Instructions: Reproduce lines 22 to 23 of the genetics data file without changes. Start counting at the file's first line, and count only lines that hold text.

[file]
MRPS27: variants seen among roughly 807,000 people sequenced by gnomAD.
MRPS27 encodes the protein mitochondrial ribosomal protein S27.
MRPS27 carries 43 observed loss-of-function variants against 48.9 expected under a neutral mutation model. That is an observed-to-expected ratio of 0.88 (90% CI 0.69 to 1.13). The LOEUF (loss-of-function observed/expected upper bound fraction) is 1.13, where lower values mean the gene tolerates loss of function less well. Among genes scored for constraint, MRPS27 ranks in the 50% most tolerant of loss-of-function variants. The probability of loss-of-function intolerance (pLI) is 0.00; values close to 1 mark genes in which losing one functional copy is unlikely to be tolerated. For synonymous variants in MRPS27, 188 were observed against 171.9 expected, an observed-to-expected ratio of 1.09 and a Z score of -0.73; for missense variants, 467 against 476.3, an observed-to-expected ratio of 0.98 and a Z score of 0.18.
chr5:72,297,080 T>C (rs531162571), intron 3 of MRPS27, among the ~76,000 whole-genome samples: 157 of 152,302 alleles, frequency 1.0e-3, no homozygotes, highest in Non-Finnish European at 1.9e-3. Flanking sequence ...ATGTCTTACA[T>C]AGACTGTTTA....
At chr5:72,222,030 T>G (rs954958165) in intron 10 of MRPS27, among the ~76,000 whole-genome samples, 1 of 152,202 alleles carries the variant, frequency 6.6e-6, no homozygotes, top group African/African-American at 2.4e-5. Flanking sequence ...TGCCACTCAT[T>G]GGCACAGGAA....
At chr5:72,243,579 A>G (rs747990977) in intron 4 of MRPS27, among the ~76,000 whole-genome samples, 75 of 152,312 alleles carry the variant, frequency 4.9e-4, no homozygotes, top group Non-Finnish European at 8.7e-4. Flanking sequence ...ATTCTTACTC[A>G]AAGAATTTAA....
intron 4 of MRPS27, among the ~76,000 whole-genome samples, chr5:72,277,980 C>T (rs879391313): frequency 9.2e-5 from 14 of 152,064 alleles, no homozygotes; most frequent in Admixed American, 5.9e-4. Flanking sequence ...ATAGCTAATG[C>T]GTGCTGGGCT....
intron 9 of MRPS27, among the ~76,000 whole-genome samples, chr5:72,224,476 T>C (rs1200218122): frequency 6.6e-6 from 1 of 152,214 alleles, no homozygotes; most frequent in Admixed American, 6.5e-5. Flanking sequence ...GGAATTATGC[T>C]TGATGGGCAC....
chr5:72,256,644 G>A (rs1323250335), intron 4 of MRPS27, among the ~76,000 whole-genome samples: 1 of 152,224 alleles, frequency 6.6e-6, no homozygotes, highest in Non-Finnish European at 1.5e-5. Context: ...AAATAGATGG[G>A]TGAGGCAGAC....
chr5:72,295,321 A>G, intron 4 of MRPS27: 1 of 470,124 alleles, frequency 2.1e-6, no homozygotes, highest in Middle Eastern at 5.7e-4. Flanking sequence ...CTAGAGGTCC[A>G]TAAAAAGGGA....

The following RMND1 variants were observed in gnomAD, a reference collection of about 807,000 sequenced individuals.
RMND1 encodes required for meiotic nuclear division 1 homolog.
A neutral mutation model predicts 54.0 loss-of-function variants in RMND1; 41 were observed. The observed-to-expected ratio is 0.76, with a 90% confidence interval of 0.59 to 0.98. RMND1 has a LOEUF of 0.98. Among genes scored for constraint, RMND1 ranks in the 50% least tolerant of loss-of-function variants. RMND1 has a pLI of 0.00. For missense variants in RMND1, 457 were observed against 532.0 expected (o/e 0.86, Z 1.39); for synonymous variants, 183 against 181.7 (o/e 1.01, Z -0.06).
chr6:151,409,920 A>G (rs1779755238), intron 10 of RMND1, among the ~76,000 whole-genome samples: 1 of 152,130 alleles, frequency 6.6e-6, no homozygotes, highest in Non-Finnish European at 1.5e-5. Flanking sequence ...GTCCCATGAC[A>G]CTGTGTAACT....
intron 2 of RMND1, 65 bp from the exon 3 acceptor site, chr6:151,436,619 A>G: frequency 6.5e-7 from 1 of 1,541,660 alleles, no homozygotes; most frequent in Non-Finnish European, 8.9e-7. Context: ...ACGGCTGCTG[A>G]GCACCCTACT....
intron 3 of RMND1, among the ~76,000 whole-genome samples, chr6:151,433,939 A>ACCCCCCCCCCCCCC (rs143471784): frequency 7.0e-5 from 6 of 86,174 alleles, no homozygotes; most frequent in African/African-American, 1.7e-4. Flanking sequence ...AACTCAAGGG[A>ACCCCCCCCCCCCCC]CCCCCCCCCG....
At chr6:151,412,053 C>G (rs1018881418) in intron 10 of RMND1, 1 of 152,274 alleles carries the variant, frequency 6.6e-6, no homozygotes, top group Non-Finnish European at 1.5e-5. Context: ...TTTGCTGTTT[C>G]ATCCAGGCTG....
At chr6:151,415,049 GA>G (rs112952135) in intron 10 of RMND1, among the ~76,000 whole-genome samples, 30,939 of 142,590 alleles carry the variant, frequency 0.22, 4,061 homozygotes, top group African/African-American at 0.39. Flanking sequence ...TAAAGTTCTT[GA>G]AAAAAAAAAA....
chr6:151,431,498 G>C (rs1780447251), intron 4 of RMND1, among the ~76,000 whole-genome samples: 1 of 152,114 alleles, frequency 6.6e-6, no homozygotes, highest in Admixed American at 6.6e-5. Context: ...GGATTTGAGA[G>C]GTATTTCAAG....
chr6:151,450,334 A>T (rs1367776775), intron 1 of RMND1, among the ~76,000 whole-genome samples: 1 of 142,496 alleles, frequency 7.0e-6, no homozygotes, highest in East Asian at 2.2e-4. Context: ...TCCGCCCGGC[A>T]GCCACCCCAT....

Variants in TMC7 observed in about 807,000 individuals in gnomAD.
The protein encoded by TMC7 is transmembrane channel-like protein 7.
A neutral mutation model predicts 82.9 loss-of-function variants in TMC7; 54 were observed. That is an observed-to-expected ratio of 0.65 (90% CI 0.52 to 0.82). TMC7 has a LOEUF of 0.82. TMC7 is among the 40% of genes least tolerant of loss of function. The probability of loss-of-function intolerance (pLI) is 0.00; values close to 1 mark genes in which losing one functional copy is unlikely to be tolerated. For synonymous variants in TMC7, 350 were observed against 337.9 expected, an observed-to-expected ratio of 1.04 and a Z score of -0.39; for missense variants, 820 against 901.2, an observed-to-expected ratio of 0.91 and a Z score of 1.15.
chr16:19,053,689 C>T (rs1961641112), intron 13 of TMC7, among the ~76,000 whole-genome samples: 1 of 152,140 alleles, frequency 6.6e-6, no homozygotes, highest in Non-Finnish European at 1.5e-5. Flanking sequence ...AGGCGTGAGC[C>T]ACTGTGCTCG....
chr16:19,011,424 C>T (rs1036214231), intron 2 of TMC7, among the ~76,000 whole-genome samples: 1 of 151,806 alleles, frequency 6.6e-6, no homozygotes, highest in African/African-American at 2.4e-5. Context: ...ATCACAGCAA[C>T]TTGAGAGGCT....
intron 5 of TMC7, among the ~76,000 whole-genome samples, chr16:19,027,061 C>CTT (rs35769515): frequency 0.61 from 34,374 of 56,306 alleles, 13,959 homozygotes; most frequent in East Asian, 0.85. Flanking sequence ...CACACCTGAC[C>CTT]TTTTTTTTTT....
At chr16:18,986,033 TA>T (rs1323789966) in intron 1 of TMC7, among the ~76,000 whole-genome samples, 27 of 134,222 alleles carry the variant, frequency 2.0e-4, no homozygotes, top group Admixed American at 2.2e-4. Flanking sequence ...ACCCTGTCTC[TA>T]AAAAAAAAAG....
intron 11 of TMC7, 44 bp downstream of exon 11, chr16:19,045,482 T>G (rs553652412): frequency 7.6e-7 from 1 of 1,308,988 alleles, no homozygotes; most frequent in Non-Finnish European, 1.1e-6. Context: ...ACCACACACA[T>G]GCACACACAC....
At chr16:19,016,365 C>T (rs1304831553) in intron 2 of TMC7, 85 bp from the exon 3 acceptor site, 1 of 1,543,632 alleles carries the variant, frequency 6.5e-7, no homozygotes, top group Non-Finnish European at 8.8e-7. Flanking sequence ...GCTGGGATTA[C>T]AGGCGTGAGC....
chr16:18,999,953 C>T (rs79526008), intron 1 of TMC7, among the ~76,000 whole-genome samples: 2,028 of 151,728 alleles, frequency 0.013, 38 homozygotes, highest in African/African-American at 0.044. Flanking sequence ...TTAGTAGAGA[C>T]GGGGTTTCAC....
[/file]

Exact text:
The protein encoded by TMC7 is transmembrane channel-like protein 7.
A neutral mutation model predicts 82.9 loss-of-function variants in TMC7; 54 were observed. That is an observed-to-expected ratio of 0.65 (90% CI 0.52 to 0.82). TMC7 has a LOEUF of 0.82. TMC7 is among the 40% of genes least tolerant of loss of function. The probability of loss-of-function intolerance (pLI) is 0.00; values close to 1 mark genes in which losing one functional copy is unlikely to be tolerated. For synonymous variants in TMC7, 350 were observed against 337.9 expected, an observed-to-expected ratio of 1.04 and a Z score of -0.39; for missense variants, 820 against 901.2, an observed-to-expected ratio of 0.91 and a Z score of 1.15.